The buildings in the Ennis Downtown Commercial Historic District and original homes in the Templeton-McCanless Residential Historic District provide a glimpse of what the city was like during the period of economic prosperity from 1890 to the 1920s.
Unfortunately, over the years fire, neglect, and development destroyed many of the buildings and grand mansions of the day. In 1981 a group of citizens formed the Ennis Heritage Society to preserve the remaining structures, and in 1986 the National Park Service recognized forty-four private homes and ninety-four commercial buildings in its National Register of Historic Places. This album features a small selection of these.
105 NE Main St
Ennis Railroad and Cultural Heritage Museum, 1915
The restaurant originally housed in this building served up to ten passenger trains a day. In 1936, President Franklin Roosevelt stopped here while traveling to the State Fair of Texas (celebrating the State's Centennial). Today, it is one of the finest railroad museums in the Southwest.
110 W Ennis Ave
Ennis National Bank, 1883
Ennis' first bank operated here until 1917 when it moved to the corner of Ennis Avenue and Dallas Street. An enduring landmark, the building has served as a clothing store, legal office, and restaurant. Notice the corner turret, brick parapet, and original cast iron storefront.
101 S Dallas St
John Rowe Building, 1905
A.H. Rowe, a prominent business person from England, had this building constructed to serve as a dry goods store. The Woodsmen of the World, a forerunner for the Boy Scouts, met upstairs.
117 W Brown St
City Hall, 1915
Built to accommodate all of the city's practical and cultural needs, City Hall had space for the police department, jail (which still exists in the basement), and an auditorium that hosted lectures, cooking classes, and vaudeville performances. The Fire Department was formed in 1884 as a response to recent devastating fires and kept its horses and fire wagons in the garage on Dallas Street.
212 N Dallas St
Interurban Building, 1925
This building served as a station for passengers taking the commuter train that passed through Ennis from 1914 until mid-century when the arrival of IH-45 made the railway obsolete.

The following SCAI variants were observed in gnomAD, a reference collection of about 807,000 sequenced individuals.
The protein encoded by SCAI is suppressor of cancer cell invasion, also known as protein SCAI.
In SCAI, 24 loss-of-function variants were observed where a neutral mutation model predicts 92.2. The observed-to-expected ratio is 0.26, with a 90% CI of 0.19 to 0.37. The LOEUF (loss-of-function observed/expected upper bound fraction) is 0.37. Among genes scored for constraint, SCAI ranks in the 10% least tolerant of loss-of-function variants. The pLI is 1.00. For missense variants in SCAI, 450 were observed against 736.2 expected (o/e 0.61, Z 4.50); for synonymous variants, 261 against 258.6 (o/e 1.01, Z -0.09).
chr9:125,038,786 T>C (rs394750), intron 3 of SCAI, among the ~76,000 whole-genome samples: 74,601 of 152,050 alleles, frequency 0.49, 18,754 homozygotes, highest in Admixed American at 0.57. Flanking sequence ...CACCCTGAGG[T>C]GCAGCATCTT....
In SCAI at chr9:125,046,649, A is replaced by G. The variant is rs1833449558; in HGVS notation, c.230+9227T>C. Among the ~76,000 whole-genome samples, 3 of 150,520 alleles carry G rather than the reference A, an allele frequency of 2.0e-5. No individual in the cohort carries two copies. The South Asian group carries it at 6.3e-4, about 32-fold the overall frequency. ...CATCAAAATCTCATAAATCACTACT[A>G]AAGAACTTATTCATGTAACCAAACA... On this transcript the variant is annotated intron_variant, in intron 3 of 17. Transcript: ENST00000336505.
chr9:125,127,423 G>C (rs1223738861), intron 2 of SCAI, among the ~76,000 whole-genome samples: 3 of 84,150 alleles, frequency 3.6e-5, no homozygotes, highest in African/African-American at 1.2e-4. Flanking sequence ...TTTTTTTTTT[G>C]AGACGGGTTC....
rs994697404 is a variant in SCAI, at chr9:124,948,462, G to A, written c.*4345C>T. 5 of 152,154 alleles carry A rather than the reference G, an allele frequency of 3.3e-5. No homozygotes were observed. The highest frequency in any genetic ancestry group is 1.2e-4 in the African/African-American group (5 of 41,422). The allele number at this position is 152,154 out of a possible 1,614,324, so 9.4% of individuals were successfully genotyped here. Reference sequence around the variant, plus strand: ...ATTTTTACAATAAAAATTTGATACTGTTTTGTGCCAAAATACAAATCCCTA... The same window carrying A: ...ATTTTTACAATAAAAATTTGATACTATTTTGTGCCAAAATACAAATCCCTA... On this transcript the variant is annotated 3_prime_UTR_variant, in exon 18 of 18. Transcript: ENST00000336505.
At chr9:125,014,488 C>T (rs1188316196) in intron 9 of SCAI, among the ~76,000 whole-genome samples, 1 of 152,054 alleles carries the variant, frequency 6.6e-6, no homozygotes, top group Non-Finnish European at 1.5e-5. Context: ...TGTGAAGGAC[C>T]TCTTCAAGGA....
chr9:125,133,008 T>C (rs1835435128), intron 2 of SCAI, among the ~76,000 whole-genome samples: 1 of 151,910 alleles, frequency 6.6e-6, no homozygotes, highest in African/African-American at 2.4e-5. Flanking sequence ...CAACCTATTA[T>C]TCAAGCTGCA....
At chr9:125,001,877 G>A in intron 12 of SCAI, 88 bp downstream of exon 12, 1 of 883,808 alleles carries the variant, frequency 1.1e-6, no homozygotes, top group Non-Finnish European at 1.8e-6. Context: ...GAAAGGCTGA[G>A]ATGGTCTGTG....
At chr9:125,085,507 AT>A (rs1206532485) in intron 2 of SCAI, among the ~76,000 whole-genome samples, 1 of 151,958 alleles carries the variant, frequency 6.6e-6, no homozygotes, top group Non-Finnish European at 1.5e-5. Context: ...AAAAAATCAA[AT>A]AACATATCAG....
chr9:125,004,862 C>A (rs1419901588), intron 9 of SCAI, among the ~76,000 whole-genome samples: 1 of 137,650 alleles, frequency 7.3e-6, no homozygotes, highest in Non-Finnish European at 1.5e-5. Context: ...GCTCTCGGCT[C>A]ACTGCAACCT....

500 Block of N Gaines
Ennis High School, 1916
This building served as the high school from 1916 to 1982, and is the city's oldest extant school building. It was built by the Fort Worth architectural firm of Sanguinet and Staats, which created a number of similarly styled schools in the state.
Hix McCanless (1868-1938) was the leading architect in Ennis during this period. Born in Tennessee, McCanless and his family moved to Ennis as the railroad arrived. After training at Texas A&M, he returned to Ennis to design buildings that reflected the personal tastes of their owners as well as popular styles.
Prior to the railroad, most houses were plain structures built using locally available materials. The rise of industrialization and expansion of the railroad made it possible for homeowners across the nation to obtain building materials and to decorate and design their homes according to current architectural styles.Between 1890 and 1920, the three most popular styles of architecture were Folk Victorian, Neoclassical, and Bungalow. Excellent examples of each of these can be found throughout Ennis.
Almost all of these homes began with a basic L-shape plan to which the owners added mass-produced gingerbread trim, turned spindles and balustrades, intricately patterned corbels and brackets, and brightly colored paint. Once abundant in Ennis, a few fine examples still exist.
709 N Dallas St
Barkley-Floyd House, 1892
This house was built for H.P. Barkely, a conductor and yardmaster for the H&TC.
701 N Gaines St
Meredith-McDowal House, 1898
This is one of Hix McCanless’ earliest designs.
504 W Knox St
Jolesch House, 1900
William Jolesch came to Ennis in 1875 and established a dry good store on S. Main Street. Later he served as vice president of the First National Bank of Ennis.
704 N Preston St
F.W. Neal House, 1901